Figure 4
Expression of SNAI1, SNAI2 and CDH1 in normal human thyroid tissue and follicular carcinomas. Positive reactivity is demonstrated by brown staining. SNAI1 and SNAI2 are not expressed in normal thyroid follicles (A and B), whereas CDH1 is expressed along ...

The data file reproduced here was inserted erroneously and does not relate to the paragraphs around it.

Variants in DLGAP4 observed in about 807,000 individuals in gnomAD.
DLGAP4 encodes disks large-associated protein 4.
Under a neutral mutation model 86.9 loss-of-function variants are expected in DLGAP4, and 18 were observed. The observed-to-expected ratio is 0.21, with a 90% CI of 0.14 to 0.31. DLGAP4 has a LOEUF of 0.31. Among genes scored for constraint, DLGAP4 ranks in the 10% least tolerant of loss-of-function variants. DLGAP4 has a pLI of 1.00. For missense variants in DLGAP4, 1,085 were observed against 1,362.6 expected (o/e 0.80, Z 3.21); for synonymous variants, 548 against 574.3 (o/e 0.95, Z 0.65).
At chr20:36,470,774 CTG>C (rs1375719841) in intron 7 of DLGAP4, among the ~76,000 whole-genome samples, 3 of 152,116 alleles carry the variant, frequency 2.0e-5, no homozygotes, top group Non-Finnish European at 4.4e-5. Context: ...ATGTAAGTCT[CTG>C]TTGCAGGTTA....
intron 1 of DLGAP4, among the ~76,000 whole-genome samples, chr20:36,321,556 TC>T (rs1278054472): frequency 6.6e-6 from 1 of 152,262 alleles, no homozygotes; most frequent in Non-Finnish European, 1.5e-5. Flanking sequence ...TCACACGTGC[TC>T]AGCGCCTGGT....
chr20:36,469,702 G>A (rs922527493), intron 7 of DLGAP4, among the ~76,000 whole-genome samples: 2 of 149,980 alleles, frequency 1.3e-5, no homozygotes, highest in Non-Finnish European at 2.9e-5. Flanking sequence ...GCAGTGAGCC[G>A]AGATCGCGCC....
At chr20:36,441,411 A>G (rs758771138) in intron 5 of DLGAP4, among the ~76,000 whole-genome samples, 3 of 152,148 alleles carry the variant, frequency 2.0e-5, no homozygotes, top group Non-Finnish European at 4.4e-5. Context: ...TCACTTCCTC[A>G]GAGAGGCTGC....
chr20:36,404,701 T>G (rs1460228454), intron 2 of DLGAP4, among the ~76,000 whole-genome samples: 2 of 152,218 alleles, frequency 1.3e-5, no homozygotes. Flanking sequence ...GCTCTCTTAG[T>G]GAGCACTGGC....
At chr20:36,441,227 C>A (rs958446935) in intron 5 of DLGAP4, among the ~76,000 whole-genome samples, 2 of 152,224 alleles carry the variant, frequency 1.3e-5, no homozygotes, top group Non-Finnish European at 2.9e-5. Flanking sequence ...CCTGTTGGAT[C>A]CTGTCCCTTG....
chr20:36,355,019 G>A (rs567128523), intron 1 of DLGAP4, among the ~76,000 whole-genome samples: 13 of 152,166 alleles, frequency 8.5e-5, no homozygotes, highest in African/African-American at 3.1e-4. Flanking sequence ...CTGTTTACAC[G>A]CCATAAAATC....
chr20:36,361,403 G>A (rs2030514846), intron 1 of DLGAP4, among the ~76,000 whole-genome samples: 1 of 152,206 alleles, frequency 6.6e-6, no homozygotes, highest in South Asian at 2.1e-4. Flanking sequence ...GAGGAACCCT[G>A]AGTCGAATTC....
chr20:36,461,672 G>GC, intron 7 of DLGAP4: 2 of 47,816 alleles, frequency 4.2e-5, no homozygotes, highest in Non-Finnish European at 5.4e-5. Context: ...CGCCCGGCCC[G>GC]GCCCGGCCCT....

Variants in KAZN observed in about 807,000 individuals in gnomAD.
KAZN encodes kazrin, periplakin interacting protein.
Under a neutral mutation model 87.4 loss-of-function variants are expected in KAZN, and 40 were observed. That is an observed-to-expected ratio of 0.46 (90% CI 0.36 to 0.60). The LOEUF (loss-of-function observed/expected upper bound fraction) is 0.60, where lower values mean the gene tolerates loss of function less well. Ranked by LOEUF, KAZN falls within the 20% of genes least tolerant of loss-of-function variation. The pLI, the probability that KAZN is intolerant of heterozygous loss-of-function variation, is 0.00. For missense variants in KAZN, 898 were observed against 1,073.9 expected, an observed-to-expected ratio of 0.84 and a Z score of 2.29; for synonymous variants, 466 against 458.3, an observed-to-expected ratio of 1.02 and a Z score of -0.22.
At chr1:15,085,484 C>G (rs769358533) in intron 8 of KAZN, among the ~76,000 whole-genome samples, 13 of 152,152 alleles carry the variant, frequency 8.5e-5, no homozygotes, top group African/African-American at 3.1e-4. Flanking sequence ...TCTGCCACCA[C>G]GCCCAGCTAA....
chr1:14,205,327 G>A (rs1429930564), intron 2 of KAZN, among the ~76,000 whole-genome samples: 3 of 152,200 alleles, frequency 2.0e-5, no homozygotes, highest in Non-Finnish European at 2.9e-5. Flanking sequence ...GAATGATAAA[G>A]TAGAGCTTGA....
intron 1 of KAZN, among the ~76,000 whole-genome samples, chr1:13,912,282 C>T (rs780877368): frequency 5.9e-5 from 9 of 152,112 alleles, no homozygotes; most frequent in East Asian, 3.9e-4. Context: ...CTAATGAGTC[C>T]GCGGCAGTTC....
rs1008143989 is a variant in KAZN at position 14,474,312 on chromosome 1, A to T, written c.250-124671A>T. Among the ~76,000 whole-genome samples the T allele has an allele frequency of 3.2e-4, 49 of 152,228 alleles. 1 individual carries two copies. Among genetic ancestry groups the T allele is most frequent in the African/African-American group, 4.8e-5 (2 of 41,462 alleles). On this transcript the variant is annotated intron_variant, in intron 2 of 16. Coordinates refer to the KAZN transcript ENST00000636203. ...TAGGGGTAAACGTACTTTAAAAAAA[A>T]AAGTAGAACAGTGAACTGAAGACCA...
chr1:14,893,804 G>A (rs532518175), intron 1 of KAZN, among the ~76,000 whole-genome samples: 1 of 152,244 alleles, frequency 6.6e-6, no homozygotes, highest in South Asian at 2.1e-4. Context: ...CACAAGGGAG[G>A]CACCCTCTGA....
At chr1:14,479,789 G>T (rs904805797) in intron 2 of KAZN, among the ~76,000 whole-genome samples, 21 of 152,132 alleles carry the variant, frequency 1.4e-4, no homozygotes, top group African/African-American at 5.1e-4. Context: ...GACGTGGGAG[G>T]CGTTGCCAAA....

SNAI1 was expressed in neoplastic areas of 18 of 31 follicular carcinomas. On analysis of expression by tumor stage, SNAI1 was expressed in 9 of 17 minimally invasive and 9 of 14 invasive lesions. There was therefore no correlation of SNAI1 expression with tumor stage (P = 0.39). Reactivity was seen in nuclear and cytoplasmic localizations in positively staining cases (Figure 4, D and G). SNAI2 reactivity was seen in 22 of 31 follicular carcinomas, 12 of 17 minimally invasive, and 10 of 14 invasive lesions; again SNAI2 expression did not correlate with tumor stage (P = 0.63). Similarly to SNAI1, expression was restricted to cell nuclei and cytoplasm (Figure 4, E and H). SNAI1 and SNAI2 are therefore both highly expressed in follicular carcinomas of all pathological stages. A reduction in CDH1 expression was seen in 15 of 31 follicular cancers, 6 of 17 minimally invasive, and 10 of 14 invasive tumors (Figure 4F). Inverse correlation between SNAI1/SNAI2 and CDH1 expression was seen in 13 of 31 cases (9 of 17 minimally invasive and 4 of 14 invasive) in focal tumor areas. CDH1 expression is therefore more frequently lost in invasive compared with minimally invasive lesions (P = 0.09). In three minimally invasive carcinomas, SNAI1 and SNAI2 expression seemed to be restricted to the invasive tumor front, with concomitant reduced CDH1 reactivity.